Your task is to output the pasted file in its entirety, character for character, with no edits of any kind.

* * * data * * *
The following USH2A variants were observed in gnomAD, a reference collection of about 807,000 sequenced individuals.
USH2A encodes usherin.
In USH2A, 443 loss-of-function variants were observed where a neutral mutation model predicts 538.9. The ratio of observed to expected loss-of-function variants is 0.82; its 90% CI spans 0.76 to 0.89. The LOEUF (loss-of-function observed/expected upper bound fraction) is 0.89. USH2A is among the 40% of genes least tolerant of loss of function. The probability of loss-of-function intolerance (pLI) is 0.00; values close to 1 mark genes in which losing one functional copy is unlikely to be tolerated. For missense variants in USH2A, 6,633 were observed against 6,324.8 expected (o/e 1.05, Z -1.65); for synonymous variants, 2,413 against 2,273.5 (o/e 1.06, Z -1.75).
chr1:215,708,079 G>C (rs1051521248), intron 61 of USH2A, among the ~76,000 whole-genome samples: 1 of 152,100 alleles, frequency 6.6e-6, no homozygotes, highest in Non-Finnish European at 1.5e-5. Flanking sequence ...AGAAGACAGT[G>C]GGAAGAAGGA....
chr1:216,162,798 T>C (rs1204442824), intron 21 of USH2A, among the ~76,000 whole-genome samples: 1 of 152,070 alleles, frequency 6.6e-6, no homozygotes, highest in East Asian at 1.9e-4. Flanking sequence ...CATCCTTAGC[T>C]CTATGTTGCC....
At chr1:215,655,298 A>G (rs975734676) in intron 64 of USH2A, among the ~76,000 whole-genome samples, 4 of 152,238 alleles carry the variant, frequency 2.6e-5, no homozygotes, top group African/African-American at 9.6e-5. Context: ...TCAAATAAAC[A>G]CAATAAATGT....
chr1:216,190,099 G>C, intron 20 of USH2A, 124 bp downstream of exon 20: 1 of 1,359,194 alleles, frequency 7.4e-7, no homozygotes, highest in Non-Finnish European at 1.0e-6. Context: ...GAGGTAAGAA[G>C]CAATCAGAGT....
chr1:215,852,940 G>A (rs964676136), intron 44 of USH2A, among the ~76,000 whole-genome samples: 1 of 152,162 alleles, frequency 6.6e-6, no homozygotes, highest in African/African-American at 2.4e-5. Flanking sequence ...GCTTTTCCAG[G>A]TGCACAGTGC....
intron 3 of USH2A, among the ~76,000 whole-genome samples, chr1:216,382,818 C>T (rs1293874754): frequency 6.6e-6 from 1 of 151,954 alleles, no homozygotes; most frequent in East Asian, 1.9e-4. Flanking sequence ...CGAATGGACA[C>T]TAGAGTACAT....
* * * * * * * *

The following USH2A variants were observed in gnomAD, a reference collection of about 807,000 sequenced individuals.
USH2A encodes usherin.
In USH2A, 443 loss-of-function variants were observed where a neutral mutation model predicts 538.9. The ratio of observed to expected loss-of-function variants is 0.82; its 90% CI spans 0.76 to 0.89. The LOEUF (loss-of-function observed/expected upper bound fraction) is 0.89. USH2A is among the 40% of genes least tolerant of loss of function. The probability of loss-of-function intolerance (pLI) is 0.00; values close to 1 mark genes in which losing one functional copy is unlikely to be tolerated. For missense variants in USH2A, 6,633 were observed against 6,324.8 expected (o/e 1.05, Z -1.65); for synonymous variants, 2,413 against 2,273.5 (o/e 1.06, Z -1.75).
chr1:215,708,079 G>C (rs1051521248), intron 61 of USH2A, among the ~76,000 whole-genome samples: 1 of 152,100 alleles, frequency 6.6e-6, no homozygotes, highest in Non-Finnish European at 1.5e-5. Flanking sequence ...AGAAGACAGT[G>C]GGAAGAAGGA....
chr1:216,162,798 T>C (rs1204442824), intron 21 of USH2A, among the ~76,000 whole-genome samples: 1 of 152,070 alleles, frequency 6.6e-6, no homozygotes, highest in East Asian at 1.9e-4. Flanking sequence ...CATCCTTAGC[T>C]CTATGTTGCC....
At chr1:215,655,298 A>G (rs975734676) in intron 64 of USH2A, among the ~76,000 whole-genome samples, 4 of 152,238 alleles carry the variant, frequency 2.6e-5, no homozygotes, top group African/African-American at 9.6e-5. Context: ...TCAAATAAAC[A>G]CAATAAATGT....
chr1:216,190,099 G>C, intron 20 of USH2A, 124 bp downstream of exon 20: 1 of 1,359,194 alleles, frequency 7.4e-7, no homozygotes, highest in Non-Finnish European at 1.0e-6. Context: ...GAGGTAAGAA[G>C]CAATCAGAGT....
chr1:215,852,940 G>A (rs964676136), intron 44 of USH2A, among the ~76,000 whole-genome samples: 1 of 152,162 alleles, frequency 6.6e-6, no homozygotes, highest in African/African-American at 2.4e-5. Flanking sequence ...GCTTTTCCAG[G>A]TGCACAGTGC....
intron 3 of USH2A, among the ~76,000 whole-genome samples, chr1:216,382,818 C>T (rs1293874754): frequency 6.6e-6 from 1 of 151,954 alleles, no homozygotes; most frequent in East Asian, 1.9e-4. Flanking sequence ...CGAATGGACA[C>T]TAGAGTACAT....